That’s giving the company a lot of credibility with investors and lenders, Shah says. Indeed, on Dec. 4 it announced a $225 million Series D funding round and a $300 million expansion of its credit facility.

Shah, meanwhile, is not only CFO but also “head of talent.” That’s not just an informal title. Despite now having 500 employees, the firm has no HR leader other than Shah. “That’s an easy transition for me,” he says, “having gone through GE’s financial management program and having led large teams. I have the experience to understand how to develop, mentor and grow people, and it was easier [to give me that role] than bring in someone off the street at a big salary to do the same thing.”

That will happen eventually, though, perhaps as soon as six months from now. Given the firm’s quick growth, and the fact that Lending Club, OneMain and small-business e-lender OnDeck are all getting ready to go public, “my time will be spread pretty thin,” Shah says.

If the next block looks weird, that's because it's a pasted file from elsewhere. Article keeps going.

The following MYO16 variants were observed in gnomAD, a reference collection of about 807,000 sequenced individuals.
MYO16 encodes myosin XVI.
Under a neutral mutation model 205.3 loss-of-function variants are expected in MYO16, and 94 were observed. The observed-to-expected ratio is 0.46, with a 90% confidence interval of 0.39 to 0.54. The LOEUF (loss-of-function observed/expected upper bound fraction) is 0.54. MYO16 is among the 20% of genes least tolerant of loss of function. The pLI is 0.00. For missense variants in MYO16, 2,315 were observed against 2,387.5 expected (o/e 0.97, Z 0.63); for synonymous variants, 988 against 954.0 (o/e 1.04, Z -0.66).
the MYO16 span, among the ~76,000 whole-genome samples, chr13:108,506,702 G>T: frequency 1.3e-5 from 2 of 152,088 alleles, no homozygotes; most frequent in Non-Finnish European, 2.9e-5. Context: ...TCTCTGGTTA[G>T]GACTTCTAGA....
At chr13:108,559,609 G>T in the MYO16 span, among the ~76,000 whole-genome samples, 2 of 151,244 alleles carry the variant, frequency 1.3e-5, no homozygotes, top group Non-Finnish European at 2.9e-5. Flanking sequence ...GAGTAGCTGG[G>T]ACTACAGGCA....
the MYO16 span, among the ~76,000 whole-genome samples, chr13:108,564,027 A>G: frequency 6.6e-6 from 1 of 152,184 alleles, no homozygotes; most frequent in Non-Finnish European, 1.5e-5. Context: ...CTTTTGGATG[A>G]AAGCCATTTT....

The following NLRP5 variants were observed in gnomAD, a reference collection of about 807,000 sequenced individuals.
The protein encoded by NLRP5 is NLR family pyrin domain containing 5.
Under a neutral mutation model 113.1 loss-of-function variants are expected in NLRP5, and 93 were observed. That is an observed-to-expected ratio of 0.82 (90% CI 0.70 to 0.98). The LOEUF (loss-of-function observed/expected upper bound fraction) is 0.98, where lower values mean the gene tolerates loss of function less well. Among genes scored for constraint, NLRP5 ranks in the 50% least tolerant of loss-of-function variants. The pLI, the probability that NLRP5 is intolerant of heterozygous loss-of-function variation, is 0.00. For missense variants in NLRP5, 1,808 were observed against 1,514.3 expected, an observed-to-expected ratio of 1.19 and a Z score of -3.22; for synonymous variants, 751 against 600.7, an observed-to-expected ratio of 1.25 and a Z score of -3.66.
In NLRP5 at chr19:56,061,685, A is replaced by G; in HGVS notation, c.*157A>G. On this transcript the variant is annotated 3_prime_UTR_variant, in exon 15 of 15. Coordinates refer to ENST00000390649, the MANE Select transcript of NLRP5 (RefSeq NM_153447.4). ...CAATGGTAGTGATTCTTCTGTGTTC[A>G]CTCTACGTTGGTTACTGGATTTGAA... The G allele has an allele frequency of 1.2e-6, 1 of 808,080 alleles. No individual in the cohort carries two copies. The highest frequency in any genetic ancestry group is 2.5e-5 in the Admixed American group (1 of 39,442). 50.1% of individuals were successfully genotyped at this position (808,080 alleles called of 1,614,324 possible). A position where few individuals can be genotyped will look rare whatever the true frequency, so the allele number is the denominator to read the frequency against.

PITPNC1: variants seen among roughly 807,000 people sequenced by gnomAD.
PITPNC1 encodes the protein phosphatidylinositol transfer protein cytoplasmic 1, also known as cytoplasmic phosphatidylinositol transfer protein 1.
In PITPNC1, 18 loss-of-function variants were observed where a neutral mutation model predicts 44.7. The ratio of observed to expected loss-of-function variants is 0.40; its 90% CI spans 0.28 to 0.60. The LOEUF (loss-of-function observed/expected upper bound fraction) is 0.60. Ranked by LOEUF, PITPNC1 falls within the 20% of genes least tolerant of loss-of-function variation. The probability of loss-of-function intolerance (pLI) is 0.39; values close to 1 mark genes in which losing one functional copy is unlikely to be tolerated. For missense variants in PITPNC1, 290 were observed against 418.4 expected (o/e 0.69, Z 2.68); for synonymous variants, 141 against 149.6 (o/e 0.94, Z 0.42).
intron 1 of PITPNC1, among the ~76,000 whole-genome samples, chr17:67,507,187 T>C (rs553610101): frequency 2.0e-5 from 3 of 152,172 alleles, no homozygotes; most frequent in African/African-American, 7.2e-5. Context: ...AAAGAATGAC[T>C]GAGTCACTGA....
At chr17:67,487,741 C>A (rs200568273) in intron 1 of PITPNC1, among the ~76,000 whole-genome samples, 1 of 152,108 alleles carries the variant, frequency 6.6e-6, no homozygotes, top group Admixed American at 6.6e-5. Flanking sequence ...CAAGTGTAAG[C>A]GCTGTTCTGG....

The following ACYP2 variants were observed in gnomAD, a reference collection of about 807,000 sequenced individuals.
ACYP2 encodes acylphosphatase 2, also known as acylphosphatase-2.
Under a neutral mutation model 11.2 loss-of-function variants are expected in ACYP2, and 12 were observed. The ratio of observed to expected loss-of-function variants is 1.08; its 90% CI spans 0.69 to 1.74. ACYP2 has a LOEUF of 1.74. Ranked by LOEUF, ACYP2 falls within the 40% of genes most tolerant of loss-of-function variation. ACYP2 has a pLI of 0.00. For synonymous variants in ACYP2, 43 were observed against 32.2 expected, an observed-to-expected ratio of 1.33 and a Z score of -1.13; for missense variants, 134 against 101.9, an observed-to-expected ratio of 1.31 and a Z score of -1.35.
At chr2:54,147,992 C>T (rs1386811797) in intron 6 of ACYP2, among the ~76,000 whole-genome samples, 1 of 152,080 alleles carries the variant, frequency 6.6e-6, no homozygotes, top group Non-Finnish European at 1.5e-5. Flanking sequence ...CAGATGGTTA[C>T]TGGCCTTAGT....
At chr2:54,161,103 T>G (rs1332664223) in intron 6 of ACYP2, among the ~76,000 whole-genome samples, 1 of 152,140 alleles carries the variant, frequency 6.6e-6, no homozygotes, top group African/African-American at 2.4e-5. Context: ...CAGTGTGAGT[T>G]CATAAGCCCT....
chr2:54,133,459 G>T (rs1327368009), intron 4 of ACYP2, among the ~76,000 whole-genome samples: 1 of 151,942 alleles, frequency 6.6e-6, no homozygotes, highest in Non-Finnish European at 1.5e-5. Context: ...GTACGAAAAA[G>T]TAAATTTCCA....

He adds that AvantCredit’s commitment to its people is underscored by investments in their future. Buoyed by the $1 billion in funding it’s collected, the firm offers 401(k) plan matching contributions and up to $2,500 to pay for continuing-education classes. “Not many start-ups are doing things like that 20 months in,” he notes. Select individuals are eligible for a fully paid MBA program taken on a part-time basis, provided they agree to stay with the company for a few years.

The firm also has a leadership training program based loosely on General Electric’s FMP program. “It’s not as rigid as the FMP — we’re a start-up and need to be flexible, so it’s not a locked-in-step, six-month rotational program,” Shah says. “But it gives kids who are maybe two or three years out of school, and maybe have done a bit of investment banking or consulting but want to be generalists who might one day be CEOs or general managers or even CFOs, the opportunity not to be siloed in a particular area.”

The goal is to move 15 to 20 people a year through the program.